From The Ground Up

The Practical Gardener is now the primary program in up North State Public Radio's homegrown suite of gardening and food-themed programs featuring essays, interviews and conversations. From The Ground Up airs Saturdays at 7:34 a.m. and Sunday at 8:34 a.m.

 

Valerie Winemiller / University of California

Codling moth larvae are the cause of the infamous “worm” in the apple or pear and is the immature stage of a small moth. This pest spends the winter as a mature larva in a pupal case on trunks of trees or in debris around the home orchard. When spring temperatures rise in March, the pupae mature and adult moths begin emerging in late March to April. Moths mate and lay eggs on leaves. Eggs hatch several weeks to a month later, and the larvae almost immediately bore into small fruit that has just begun to develop.

David Silver / Creative Commons

Our gardening practices directly affect our community and our environment. There are many healthy gardening habits we can adopt that will lessen our personal impact on our surroundings, and in the process create a healthier environment.

There are basically eight areas of garden sustainability:

The Practical Gardener

Jan 30, 2016
David Lofink / Creative Commons

It's hard to believe, but the calendar says there are less than 50 days until spring. If you're at all like me, with all the welcomed winter rain, you haven’t spent too much time working in the garden — so now we're getting down to crunch time to get those winter orchard chores done.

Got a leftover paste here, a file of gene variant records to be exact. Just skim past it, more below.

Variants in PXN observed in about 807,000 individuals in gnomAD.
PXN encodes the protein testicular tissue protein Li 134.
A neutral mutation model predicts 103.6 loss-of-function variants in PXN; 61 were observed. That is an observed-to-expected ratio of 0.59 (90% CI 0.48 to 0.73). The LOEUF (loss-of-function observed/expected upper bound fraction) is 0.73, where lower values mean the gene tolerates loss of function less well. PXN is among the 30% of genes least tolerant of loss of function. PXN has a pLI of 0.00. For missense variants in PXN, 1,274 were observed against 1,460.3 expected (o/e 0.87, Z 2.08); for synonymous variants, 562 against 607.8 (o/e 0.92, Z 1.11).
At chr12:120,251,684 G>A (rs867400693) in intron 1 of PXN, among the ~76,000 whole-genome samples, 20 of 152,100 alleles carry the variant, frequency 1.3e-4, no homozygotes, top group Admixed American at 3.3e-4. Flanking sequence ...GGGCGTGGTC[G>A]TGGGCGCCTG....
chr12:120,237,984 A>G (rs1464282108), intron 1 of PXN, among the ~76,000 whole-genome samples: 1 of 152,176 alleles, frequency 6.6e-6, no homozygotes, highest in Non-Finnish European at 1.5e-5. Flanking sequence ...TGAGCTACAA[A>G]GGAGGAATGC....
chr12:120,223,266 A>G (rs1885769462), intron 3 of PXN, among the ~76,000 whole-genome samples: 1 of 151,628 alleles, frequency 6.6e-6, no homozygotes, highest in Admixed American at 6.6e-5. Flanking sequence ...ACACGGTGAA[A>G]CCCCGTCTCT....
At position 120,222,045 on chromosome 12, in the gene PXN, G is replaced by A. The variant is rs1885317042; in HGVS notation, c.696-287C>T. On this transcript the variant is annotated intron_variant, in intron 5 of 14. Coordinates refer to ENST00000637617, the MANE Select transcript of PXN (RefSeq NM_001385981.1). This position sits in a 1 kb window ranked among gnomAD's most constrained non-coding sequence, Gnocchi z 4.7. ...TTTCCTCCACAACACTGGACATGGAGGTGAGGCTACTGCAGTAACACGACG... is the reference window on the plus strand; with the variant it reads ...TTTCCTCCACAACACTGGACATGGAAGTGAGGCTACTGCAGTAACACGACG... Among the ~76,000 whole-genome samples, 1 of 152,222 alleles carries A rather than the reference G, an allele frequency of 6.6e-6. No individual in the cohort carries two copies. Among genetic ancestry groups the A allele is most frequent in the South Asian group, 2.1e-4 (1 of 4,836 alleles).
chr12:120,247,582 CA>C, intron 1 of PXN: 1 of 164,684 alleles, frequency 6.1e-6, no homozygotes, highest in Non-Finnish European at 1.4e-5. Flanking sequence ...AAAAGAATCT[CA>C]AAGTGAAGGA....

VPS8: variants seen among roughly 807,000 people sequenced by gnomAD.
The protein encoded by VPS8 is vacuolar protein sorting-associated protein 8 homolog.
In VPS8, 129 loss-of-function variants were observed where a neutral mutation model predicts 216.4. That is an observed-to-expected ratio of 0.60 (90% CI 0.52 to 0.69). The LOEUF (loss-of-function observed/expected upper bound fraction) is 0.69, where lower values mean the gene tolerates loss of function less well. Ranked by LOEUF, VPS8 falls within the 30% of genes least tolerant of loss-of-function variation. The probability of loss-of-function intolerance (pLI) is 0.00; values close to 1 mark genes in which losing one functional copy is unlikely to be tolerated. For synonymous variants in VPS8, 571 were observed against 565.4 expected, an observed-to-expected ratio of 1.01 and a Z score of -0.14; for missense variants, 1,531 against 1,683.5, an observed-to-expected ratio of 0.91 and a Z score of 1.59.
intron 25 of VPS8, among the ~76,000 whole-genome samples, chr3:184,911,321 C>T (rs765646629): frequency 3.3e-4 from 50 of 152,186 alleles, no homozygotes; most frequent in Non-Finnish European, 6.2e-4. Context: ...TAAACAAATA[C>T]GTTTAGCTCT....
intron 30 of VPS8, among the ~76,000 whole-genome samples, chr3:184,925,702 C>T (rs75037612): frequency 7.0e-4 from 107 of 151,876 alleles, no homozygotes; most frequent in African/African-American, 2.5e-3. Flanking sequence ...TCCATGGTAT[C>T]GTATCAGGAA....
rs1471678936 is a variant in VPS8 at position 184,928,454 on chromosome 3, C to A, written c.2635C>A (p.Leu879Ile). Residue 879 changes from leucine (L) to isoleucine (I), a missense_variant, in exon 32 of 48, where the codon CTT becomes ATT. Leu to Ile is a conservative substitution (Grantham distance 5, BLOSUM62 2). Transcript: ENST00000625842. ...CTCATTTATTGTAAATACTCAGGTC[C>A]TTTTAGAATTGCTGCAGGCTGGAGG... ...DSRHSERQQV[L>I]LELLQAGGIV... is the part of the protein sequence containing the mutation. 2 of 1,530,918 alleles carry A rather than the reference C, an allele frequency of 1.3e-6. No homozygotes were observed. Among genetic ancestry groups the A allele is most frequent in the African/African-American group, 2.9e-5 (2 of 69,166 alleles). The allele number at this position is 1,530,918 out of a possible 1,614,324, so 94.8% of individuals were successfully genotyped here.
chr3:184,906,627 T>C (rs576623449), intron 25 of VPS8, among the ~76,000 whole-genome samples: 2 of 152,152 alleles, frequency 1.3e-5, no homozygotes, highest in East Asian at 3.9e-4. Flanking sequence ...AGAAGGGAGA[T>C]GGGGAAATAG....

What are the things do you need to be doing? The first thing: if you haven’t pruned your fruit trees yet, get that done. You have until about the middle of February to take advantage of the beneficial effects of winter pruning:

Takashi .M / http://bit.ly/1WCKTfR

It's officially winter, and one of the fun things about winter: it’s time to purchase our bare root plants. Specifically, bare-root roses.

There are roses for every location in your garden — the perennial bed, the shrub bed, the garden border or climbers for trellises in arbors. They come in bright hot colors, or pale pastels to fit every garden color scheme. And while they do require a bit more care than some of our other garden plants, they can be just spectacular.

Jennifer Jewell

Thresholds are such interesting aspects of life, aren’t they? They’re important physical and metaphysical moments between this place and that place.

The winter solstice is now past and the New Year is upon us — iconic moments in time that come around again and again — each time reminding us how endings are so intimately intertwined with beginnings.

Jennifer Jewell

The annual choosing of garden books to carry me through the winter comes with such promise of pleasure. As girls, my sisters and I would be asked by our mother for a list of books we might like from Santa and we would diligently write down one or two. Without fail, she (Santa) would bestow those and at least one — maybe two? — more. It wasn’t until I was older that I realized that the additional titles were always based on a loving formula of the interests indicated from our original lists carefully warmed and expanded into larger (still unseen by us) hopes and dreams.

GRUB CSA Farm

Simona / http://bit.ly/1WCKTfR


Jennifer Jewell

I am planting bulbs, culinary and ornamental. A heavy box of hope and spring dreams arrived from the heirloom bulb supplier Old House Gardens Heirloom Bulbs arrived last week, and they are now calling me to get them in the ground in the next few weeks. 

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